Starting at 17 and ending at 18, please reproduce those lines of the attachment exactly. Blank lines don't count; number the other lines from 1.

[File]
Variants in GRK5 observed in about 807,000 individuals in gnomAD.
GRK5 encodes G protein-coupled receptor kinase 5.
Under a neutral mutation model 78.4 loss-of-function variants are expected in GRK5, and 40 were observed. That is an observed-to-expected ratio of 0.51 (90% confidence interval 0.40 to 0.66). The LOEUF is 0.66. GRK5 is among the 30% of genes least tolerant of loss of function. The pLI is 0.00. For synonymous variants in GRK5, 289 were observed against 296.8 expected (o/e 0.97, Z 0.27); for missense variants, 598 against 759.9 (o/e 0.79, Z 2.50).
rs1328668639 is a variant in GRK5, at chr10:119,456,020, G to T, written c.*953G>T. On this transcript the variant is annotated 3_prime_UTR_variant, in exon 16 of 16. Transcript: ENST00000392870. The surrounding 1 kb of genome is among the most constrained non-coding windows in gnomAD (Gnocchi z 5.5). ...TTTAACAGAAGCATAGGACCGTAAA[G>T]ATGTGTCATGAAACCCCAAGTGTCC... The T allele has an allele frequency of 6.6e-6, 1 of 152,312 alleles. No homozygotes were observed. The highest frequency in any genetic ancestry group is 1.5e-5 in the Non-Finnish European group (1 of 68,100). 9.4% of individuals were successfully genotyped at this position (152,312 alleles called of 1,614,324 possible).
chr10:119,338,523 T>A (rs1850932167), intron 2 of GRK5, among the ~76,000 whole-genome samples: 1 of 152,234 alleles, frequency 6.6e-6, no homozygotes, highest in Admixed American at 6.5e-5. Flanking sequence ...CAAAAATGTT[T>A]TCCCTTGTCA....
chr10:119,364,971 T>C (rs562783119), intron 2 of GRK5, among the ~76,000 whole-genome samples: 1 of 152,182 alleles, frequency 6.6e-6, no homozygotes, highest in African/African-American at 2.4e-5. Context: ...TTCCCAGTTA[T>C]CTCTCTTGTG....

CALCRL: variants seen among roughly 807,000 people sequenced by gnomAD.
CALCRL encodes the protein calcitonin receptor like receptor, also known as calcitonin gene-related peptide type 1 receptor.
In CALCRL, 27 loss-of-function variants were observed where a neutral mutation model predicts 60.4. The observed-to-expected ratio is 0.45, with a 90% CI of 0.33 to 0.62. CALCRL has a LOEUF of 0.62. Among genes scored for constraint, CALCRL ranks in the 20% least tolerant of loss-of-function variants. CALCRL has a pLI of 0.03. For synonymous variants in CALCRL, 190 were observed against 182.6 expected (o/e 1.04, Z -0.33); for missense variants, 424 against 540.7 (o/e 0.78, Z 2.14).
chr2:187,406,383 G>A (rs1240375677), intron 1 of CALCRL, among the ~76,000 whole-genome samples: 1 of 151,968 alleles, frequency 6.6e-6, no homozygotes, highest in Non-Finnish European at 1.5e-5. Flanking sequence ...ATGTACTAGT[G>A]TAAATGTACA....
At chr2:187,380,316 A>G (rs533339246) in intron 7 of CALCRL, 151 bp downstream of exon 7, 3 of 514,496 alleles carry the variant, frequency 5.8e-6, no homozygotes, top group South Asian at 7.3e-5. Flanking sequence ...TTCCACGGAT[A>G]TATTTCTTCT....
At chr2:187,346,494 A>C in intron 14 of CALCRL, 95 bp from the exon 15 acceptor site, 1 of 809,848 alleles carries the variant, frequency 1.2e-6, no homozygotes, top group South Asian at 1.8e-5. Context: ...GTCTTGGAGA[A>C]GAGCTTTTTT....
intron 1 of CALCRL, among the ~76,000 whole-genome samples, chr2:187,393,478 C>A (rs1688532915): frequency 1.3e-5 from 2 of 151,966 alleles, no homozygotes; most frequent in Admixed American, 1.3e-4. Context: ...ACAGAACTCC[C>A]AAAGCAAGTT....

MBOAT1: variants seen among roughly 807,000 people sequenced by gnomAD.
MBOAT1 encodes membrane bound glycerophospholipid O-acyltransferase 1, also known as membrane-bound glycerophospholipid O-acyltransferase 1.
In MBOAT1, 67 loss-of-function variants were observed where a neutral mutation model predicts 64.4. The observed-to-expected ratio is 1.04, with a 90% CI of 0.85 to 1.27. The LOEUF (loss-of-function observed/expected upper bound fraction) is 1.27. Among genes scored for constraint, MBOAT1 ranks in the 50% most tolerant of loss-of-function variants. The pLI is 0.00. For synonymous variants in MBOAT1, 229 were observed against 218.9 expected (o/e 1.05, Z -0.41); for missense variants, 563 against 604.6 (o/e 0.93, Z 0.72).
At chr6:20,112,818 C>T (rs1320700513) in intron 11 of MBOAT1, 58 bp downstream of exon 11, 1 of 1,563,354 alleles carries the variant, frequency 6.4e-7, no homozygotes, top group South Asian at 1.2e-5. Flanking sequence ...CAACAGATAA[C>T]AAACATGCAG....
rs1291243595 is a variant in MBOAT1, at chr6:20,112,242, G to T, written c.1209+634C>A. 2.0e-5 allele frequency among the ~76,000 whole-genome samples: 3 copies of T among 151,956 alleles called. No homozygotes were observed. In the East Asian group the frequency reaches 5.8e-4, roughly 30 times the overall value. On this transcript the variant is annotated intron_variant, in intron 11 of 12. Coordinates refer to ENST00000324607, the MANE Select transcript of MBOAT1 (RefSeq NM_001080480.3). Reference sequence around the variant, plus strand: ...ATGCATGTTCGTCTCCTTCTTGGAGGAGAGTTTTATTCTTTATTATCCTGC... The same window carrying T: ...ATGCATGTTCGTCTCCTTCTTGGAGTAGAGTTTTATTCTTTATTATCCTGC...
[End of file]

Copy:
At chr6:20,112,818 C>T (rs1320700513) in intron 11 of MBOAT1, 58 bp downstream of exon 11, 1 of 1,563,354 alleles carries the variant, frequency 6.4e-7, no homozygotes, top group South Asian at 1.2e-5. Flanking sequence ...CAACAGATAA[C>T]AAACATGCAG....
rs1291243595 is a variant in MBOAT1, at chr6:20,112,242, G to T, written c.1209+634C>A. 2.0e-5 allele frequency among the ~76,000 whole-genome samples: 3 copies of T among 151,956 alleles called. No homozygotes were observed. In the East Asian group the frequency reaches 5.8e-4, roughly 30 times the overall value. On this transcript the variant is annotated intron_variant, in intron 11 of 12. Coordinates refer to ENST00000324607, the MANE Select transcript of MBOAT1 (RefSeq NM_001080480.3). Reference sequence around the variant, plus strand: ...ATGCATGTTCGTCTCCTTCTTGGAGGAGAGTTTTATTCTTTATTATCCTGC... The same window carrying T: ...ATGCATGTTCGTCTCCTTCTTGGAGTAGAGTTTTATTCTTTATTATCCTGC...